General Claudio Graziano, 68, currently serves as the Chairman of the European Union Military Committee, the body of the bloc’s Common Security and Defence Policy and which is composed of member states’ defense chiefs. “I’m the most senior and have the highest rank, but also the oldest of the generals in service in Europe,” he tells EL PAÍS during an interview held on Tuesday in his office in Brussels. Since February 24, when Russia invaded Ukraine, he has been in non-stop meetings with senior leaders in Brussels. In his opinion, Moscow has failed with this initial stage of the war. “Putin thought it was going to be a quick, cheap and easy campaign, without many losses, immediately winning their objectives, but it’s turned out to be the complete opposite,” he says. “If they don’t get support in the next few months, they’ll be left without resources.”
Question. How long will the war last?
Answer. In my 50-year career, I have never seen a war that’s as close and so threatening for Europe. It’s a genuine conflict, with tanks, planes, and it has turned back the clock of history by 70 years. It’s lasted three weeks so far and it’s incredibly difficult to predict how much longer it will run. It’s a war of aggression against a free country carried out by one that’s much bigger and that has a much more powerful army. But the Russians have not been able to immediately achieve their objective; we could call it Plan A: surround Kyiv in order to overthrow the government and achieve its immediate objectives in Donbas. That first phase has failed.
Q. What happened next?
A. They’ve moved to a second phase, with new resources and other weapons – if you like, a very indiscriminate war, albeit still limited – but this has also failed. We’ve seen three lines of penetration from the north toward the center of gravity in Kyiv. From the south to take control of the Black Sea; in the northeast and the southeast from Donbas, in order to gain ground. But they have suffered major casualties, logistical losses – of supplies and of human resources. They need to recover and reorganize, which is why right now they are making an operational stop.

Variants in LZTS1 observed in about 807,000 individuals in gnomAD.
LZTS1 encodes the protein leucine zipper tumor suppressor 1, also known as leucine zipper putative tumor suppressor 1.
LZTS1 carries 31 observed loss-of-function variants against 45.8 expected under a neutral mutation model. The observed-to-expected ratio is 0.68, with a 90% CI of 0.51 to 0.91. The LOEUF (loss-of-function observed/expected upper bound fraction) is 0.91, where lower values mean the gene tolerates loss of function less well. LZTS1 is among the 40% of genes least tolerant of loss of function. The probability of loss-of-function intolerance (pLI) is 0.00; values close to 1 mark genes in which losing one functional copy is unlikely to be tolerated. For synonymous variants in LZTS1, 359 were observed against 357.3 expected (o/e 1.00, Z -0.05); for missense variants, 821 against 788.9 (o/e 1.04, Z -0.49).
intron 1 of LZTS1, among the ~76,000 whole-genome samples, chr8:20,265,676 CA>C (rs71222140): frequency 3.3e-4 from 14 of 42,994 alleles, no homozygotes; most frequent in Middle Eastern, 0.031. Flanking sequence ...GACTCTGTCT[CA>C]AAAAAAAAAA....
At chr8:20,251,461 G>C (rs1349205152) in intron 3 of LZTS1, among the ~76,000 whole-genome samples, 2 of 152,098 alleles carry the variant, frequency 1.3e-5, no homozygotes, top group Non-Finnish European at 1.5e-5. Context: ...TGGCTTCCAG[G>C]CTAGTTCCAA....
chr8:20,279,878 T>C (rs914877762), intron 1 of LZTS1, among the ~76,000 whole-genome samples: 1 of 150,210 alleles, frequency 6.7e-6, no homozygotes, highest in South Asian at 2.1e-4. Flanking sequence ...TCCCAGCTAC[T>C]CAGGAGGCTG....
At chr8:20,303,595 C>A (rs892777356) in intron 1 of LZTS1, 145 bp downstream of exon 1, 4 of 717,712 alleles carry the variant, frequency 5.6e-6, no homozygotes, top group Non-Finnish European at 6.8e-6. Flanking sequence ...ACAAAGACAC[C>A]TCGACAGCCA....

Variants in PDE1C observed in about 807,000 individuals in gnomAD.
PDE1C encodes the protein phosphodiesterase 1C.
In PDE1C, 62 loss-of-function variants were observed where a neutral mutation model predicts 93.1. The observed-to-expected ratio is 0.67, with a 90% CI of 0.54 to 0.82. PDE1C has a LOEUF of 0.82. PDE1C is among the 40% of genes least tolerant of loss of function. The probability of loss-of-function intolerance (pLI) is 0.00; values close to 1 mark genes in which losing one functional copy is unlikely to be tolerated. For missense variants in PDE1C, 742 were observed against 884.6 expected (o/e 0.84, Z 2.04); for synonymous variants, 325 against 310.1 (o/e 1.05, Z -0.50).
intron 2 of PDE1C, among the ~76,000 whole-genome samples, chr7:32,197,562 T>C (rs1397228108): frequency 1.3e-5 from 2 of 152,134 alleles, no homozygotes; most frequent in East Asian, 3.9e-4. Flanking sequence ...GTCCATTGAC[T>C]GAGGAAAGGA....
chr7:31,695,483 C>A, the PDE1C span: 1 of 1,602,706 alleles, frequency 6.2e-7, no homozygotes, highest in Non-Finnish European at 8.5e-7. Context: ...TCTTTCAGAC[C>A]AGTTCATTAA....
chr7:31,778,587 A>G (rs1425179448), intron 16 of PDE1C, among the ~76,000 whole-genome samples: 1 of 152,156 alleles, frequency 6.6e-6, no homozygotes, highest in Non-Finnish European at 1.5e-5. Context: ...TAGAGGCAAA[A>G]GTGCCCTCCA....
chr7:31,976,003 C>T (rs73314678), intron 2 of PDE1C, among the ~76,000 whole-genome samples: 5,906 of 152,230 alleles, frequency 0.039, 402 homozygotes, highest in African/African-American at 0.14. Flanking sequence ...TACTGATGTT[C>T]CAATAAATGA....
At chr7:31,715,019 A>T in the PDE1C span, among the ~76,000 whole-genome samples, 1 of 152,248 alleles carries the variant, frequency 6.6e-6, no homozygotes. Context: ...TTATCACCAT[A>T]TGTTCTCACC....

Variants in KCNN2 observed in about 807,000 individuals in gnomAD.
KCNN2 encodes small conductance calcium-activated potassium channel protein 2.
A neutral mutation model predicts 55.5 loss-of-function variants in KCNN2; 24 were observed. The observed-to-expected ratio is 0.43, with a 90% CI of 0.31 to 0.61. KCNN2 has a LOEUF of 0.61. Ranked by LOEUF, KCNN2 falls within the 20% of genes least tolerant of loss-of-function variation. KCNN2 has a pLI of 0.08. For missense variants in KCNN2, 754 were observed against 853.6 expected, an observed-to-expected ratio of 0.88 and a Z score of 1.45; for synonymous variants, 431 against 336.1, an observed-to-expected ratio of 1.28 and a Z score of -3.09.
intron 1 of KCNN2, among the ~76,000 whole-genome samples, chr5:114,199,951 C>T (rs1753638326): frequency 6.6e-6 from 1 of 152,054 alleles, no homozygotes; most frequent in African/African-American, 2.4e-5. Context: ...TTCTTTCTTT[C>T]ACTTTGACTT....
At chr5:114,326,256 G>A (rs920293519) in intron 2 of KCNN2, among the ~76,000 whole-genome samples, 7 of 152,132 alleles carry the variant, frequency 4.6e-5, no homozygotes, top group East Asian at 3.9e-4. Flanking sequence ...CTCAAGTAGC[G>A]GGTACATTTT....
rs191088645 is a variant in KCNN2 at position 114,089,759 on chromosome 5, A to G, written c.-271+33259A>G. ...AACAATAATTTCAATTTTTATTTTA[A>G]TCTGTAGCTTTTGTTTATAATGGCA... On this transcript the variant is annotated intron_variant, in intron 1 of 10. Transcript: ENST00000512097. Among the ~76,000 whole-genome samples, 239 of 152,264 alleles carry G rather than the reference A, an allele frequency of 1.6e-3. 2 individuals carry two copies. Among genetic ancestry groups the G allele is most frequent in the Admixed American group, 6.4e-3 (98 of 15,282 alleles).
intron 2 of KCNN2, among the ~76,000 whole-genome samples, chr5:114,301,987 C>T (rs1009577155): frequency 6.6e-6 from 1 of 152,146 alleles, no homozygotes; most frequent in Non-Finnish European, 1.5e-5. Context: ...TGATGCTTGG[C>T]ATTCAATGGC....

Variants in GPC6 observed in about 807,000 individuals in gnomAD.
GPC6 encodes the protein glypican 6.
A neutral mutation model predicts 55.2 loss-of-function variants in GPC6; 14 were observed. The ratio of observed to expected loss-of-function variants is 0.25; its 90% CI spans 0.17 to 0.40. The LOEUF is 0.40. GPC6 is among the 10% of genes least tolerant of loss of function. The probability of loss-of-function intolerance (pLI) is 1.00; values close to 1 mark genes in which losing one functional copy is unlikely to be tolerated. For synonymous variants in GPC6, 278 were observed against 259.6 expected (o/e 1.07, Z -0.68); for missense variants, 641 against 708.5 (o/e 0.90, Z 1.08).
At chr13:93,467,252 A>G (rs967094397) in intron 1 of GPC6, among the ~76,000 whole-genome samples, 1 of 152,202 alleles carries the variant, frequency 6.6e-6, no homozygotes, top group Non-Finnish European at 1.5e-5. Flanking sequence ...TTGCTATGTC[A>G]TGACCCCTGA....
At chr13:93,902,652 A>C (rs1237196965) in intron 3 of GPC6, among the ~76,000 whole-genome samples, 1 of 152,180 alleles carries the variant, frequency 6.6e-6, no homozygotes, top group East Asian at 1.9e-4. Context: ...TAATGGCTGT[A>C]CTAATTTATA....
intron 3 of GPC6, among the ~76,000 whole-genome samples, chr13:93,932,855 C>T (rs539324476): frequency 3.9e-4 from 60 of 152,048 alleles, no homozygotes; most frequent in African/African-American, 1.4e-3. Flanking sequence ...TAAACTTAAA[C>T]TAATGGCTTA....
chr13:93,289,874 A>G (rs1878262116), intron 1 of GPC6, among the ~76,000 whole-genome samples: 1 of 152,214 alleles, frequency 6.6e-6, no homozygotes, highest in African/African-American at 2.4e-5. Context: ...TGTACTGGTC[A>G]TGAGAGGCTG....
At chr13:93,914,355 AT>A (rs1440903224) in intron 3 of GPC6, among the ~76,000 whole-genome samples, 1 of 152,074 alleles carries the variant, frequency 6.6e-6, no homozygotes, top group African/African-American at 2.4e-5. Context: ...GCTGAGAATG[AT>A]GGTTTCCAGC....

Q. How do you see the Ukrainian military response?
A. The Ukrainians have shown an unforeseeable willingness and capacity to fight, and of resistance, using their air-defense system. It could even be said that [the Russians] are avoiding entering cities and are now resorting to a war of attrition: instead of launching an offensive, they are trying to gain time so that they can resupply. The Russian army is probably not strong enough to launch an offensive, nor is it well enough equipped or technologically advanced, and perhaps it hasn’t got the same will to fight as we thought.
Q. What went wrong with its plans?
A. They have underestimated the quality and capacity of the Ukrainian army, and also the strength of its people. On occasion I have made the comparison with the Afghan army that melted in the sun in Kabul: it was relatively strong, but it had no hope, because its president fled. By contrast, the government and president of Ukraine [Volodymyr Zelenskiy] have remained in place and are motivating their people, the Armed Forces have displayed hope and the willingness to defend the country. That has been the biggest mistake [by the Russians]. By not being able to immediately overcome Ukraine’s defenses, they have not won superiority, which is very important for this battle. And it has forced them to readjust, probably, even the information that was given to the soldiers and commanders.